Political Economy in Historical Context

POLECON 160 Political Economy in Historical Context: States of Exceptionalism: Politics, Economics, and National Identity in Britain and the United States

Prerequisites: 100 and 101, or Political Economy of Industrial Societies 100 and 101, or consent of instructor

Class Number: 23410

Units/Credit: 4

Time/Location: TuTh 2:00-3:30pm – 242 Hearst Gym

Final Exam Group 5: Tuesday, 12/15/2020 – 8:00-11:00am

Instructor: Richard Ashcroft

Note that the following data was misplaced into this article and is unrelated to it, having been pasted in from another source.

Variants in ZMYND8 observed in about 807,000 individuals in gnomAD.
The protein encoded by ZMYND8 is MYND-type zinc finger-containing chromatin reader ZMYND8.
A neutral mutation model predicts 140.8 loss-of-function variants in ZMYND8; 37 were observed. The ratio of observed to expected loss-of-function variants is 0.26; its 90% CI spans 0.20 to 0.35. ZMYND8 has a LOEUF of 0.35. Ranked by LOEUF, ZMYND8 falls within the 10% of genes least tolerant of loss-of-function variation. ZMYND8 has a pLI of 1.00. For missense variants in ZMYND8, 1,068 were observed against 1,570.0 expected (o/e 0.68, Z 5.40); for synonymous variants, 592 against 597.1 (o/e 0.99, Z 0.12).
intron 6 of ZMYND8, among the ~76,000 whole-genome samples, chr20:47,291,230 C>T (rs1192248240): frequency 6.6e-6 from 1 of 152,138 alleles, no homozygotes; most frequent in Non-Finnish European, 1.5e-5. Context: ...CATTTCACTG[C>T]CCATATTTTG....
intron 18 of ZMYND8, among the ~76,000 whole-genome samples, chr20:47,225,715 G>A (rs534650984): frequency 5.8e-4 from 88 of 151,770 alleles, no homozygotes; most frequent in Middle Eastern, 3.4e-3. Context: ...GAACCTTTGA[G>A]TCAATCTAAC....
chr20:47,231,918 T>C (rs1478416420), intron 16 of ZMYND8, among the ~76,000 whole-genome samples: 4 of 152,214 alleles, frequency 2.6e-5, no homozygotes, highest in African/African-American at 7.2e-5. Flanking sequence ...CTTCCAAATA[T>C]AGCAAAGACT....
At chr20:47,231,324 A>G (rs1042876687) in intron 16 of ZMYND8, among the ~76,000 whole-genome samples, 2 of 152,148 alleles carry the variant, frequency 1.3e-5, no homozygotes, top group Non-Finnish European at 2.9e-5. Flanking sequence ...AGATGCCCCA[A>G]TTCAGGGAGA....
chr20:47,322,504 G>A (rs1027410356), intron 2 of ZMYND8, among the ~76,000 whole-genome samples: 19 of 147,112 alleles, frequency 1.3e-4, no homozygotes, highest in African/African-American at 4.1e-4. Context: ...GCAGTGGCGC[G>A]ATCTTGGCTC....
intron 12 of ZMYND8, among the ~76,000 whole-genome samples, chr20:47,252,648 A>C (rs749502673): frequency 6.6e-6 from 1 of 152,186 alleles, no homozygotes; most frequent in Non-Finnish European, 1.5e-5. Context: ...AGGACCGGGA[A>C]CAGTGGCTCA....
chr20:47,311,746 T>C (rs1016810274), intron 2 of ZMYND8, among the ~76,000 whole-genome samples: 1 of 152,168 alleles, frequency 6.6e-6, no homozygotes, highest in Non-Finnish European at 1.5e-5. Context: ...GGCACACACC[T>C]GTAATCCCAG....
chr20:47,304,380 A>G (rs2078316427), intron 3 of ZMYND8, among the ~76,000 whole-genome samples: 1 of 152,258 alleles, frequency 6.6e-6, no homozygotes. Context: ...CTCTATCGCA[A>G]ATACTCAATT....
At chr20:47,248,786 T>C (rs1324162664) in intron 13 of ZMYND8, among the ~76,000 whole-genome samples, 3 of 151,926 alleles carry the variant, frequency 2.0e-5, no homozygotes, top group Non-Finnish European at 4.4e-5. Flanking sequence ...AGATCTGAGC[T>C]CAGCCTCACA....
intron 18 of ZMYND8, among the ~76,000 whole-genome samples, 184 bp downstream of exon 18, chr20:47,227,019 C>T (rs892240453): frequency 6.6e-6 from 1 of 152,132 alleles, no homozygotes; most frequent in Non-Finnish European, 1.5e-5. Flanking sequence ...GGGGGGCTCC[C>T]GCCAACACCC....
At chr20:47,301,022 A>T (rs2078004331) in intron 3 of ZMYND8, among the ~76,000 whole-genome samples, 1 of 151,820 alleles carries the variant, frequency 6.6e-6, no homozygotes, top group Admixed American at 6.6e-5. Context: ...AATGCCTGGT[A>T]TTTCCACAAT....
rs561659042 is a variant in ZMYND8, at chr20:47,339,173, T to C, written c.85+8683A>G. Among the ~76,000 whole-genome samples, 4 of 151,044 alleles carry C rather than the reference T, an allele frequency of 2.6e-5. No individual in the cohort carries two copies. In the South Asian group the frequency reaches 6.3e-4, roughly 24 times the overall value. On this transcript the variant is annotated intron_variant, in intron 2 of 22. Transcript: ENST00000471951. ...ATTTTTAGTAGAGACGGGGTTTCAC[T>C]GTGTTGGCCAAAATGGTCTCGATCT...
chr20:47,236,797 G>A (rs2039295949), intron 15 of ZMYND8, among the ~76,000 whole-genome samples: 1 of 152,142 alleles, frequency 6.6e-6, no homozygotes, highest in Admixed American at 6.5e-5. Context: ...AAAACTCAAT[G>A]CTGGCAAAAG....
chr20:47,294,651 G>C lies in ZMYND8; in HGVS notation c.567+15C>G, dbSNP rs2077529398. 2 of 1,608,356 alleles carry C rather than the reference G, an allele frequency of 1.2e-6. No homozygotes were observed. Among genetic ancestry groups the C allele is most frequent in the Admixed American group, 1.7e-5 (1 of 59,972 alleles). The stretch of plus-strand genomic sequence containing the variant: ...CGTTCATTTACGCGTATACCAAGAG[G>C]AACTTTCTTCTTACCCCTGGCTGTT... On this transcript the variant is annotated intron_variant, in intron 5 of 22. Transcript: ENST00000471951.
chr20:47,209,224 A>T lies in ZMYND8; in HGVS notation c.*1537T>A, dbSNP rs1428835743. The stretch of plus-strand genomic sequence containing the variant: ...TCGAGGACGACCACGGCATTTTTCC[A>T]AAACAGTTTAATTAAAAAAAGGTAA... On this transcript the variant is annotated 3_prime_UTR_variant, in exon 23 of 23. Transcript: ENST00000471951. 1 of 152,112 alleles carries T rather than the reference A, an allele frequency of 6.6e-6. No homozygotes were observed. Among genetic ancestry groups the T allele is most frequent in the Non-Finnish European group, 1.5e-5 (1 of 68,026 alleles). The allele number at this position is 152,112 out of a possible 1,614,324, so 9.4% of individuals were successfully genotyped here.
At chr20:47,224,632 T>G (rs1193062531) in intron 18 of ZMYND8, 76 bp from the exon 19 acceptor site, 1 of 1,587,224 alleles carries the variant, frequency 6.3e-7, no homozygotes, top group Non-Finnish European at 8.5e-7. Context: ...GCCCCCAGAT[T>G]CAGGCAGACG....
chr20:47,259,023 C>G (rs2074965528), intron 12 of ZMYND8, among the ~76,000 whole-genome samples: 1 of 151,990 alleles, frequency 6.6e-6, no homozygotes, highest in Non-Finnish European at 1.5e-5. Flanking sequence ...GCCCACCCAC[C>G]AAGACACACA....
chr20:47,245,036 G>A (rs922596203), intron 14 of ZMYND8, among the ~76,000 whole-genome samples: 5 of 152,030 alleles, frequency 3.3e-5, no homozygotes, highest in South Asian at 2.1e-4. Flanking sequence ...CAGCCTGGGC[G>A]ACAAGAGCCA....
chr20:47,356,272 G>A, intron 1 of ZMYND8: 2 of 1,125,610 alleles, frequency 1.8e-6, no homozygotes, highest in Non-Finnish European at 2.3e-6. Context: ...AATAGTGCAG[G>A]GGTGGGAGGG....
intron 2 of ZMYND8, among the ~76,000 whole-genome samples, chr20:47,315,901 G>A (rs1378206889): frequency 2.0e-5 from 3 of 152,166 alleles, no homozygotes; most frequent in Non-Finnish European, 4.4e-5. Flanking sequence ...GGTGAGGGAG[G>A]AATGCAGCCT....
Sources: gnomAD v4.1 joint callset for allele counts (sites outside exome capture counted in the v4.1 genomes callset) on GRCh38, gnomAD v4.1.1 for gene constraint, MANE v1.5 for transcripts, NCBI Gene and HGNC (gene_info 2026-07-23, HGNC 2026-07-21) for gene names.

Great Britain and the United States of America have deep-seated political, economic, cultural, and historical ties. As well as having both language and law in common, they share an intellectual heritage and distinctive commitment to individual liberty, free-market economics, and limited government. And at pivotal moments in modern history—most notably both World Wars, but also Korea, the Cold War, the Gulf War, and the invasion of Iraq—they have been staunch allies. Yet this “Special Relationship” has also been marked by conflict and difference. Most obviously during the Wars of Independence and 1812, but also in their varying experiences of (and attitudes towards) religion, race, socialism, and imperialism. Curiously, both nations see themselves as “exceptional” even as they continue to articulate their national identities—in part at least—through comparison to the other. This course will examine the similarities and differences between Great Britain and the United States from the early modern period up until the current political, economic and cultural turmoil. It will do so through examining four key aspects of each country: (i) their overall history, including forms of nation-building, key domestic crises, and foreign entanglements; (ii) their politics, including the evolution of their intellectual traditions, political parties, institutions, and laws; (iii) their economic forms of governance, including domestic markets, welfare states, and foreign trade; and (iv) their national identities, including the ways these are articulated through political culture, public education, and their treatment of immigrants and other minorities. We will cover these aspects in turn, looking at each country separately before comparing them, trying to understand their relationships to each other, and thinking about possible ways forward. Approximately half of the class time each week will be spent on lecture, and the other on discussion of the assigned readings and lecture material. Assessment will be via a midterm exam, a final exam, class attendance and participation, and various forms of in-class tasks (including reading quizzes, short presentations, and peer-to-peer work).

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